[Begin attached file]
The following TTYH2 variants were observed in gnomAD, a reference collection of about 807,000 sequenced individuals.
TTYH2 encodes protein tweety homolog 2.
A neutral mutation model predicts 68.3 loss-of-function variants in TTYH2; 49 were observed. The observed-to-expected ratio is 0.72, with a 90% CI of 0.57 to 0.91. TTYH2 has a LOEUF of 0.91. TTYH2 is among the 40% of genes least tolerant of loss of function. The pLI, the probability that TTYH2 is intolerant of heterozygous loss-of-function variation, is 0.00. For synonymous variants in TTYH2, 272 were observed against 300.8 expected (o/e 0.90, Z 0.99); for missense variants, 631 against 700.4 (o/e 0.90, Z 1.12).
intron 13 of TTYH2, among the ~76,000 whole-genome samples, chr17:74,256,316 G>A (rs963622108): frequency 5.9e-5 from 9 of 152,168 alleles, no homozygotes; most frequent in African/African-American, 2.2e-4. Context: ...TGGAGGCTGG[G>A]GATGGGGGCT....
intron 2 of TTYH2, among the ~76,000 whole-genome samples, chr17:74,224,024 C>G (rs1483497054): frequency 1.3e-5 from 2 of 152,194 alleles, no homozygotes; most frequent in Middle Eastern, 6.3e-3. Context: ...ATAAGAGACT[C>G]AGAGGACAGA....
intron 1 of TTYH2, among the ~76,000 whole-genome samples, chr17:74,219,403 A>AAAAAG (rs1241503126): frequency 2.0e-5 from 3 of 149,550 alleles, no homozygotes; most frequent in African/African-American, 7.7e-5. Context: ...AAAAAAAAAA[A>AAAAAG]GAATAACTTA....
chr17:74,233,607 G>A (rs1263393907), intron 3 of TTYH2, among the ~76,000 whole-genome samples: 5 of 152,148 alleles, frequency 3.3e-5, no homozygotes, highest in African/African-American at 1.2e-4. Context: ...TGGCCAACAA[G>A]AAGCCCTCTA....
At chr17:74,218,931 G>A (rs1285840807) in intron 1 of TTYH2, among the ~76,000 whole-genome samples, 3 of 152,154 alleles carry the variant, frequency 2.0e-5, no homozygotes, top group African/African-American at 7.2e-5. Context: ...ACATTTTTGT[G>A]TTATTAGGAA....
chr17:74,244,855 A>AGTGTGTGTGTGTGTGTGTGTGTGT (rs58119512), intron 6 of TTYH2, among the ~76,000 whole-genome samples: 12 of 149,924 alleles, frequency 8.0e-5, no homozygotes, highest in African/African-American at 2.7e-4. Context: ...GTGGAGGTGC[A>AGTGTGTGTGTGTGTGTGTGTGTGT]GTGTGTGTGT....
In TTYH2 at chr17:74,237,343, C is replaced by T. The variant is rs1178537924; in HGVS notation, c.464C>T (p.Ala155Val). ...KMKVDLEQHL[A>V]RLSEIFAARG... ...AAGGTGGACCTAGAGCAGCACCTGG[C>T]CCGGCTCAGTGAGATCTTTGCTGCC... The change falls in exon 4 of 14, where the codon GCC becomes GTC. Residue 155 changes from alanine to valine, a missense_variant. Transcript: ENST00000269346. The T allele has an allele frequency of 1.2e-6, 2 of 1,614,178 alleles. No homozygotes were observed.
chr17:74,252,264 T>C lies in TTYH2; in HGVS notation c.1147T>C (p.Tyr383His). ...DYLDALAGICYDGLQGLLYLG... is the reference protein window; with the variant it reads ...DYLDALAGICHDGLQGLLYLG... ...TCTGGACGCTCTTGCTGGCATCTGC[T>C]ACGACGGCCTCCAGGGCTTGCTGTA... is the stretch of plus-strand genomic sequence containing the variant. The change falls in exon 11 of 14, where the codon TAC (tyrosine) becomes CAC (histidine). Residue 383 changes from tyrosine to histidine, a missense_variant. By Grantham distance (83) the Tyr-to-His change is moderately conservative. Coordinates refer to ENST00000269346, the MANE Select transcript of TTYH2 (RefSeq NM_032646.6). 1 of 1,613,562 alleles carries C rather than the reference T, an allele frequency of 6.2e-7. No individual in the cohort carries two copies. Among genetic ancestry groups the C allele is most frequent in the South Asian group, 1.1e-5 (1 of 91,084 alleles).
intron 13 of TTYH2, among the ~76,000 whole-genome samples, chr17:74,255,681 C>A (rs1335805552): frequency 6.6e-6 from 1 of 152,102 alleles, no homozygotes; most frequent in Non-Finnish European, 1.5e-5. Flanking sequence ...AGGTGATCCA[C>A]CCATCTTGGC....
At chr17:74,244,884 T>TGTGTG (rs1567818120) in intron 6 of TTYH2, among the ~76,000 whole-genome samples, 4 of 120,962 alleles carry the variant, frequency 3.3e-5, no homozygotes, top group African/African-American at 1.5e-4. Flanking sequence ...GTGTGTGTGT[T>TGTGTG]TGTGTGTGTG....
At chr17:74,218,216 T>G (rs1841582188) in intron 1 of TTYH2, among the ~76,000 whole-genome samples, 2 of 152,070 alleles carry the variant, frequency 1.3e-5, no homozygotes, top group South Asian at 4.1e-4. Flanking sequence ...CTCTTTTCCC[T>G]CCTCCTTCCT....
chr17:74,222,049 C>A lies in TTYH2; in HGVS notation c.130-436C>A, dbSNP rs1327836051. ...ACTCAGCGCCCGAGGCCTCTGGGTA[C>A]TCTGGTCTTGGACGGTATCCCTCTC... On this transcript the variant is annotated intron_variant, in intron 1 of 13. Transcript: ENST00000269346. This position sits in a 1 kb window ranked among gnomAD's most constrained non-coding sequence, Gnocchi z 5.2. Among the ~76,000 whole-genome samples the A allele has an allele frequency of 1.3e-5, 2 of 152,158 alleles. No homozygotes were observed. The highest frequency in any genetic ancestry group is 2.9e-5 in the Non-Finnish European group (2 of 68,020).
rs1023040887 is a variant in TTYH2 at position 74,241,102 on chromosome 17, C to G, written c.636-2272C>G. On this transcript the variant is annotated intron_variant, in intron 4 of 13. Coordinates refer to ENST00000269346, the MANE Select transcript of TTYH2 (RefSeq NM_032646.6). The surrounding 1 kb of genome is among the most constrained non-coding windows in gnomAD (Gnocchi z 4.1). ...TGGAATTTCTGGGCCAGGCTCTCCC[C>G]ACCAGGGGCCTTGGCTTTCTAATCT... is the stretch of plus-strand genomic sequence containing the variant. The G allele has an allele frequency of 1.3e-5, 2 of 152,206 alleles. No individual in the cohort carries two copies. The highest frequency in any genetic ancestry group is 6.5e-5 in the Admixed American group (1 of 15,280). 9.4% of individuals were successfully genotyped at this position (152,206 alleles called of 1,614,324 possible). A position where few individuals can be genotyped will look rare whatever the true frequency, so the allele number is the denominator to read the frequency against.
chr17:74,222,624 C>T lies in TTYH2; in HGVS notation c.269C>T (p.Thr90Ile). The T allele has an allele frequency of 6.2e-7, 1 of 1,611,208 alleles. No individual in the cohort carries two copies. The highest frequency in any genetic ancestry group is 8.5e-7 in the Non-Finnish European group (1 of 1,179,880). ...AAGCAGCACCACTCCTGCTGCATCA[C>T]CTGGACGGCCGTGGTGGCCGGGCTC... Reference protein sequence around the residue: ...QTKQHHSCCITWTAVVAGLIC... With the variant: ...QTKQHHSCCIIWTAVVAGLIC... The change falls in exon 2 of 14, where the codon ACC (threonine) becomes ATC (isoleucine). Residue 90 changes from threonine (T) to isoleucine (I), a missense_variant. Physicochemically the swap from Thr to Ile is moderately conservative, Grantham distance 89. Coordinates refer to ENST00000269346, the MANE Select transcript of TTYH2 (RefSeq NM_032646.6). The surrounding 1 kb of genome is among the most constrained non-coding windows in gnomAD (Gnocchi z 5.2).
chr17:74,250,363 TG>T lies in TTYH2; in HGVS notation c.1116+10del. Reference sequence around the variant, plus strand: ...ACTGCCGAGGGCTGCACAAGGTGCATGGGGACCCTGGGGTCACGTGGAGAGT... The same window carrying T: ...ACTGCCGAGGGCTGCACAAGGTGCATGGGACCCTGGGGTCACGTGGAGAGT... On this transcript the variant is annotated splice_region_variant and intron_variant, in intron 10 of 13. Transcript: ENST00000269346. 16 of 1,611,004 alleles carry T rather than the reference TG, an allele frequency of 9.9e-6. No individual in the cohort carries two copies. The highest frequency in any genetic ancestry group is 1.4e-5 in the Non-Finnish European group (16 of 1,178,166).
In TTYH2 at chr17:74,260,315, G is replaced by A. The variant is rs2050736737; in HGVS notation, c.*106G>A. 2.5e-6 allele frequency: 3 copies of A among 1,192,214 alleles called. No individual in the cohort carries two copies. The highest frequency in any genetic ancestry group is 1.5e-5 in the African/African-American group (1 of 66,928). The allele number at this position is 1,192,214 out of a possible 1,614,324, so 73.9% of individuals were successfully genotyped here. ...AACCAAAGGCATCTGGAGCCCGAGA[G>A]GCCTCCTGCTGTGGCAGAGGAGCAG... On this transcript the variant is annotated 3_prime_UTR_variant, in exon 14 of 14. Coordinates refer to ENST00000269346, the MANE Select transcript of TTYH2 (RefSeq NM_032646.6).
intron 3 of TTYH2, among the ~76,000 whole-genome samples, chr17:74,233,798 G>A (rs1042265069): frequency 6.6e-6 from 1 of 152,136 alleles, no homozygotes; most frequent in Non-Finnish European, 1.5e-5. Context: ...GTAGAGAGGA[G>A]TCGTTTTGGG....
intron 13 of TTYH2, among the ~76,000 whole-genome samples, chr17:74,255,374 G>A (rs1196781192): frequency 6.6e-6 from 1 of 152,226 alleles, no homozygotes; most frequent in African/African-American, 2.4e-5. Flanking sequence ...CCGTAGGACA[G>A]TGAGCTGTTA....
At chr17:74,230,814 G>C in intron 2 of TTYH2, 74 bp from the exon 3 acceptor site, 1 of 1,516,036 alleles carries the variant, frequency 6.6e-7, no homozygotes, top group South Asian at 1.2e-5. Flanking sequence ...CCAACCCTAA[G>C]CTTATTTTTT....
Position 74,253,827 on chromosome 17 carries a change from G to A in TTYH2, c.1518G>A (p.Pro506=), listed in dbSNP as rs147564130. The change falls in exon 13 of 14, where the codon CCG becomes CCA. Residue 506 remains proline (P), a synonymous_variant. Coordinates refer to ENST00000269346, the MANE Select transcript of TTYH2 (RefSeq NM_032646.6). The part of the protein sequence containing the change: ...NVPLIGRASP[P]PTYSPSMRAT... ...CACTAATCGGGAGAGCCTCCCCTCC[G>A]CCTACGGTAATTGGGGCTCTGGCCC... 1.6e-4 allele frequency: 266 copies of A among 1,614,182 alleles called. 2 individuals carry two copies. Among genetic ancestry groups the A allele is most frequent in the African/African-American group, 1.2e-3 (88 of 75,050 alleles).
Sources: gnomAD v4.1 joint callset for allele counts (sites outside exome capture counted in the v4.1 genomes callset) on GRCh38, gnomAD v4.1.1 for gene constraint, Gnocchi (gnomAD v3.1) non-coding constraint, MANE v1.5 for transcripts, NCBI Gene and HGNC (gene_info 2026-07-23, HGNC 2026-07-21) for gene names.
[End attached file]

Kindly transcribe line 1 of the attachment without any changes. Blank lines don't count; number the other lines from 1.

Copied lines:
The following TTYH2 variants were observed in gnomAD, a reference collection of about 807,000 sequenced individuals.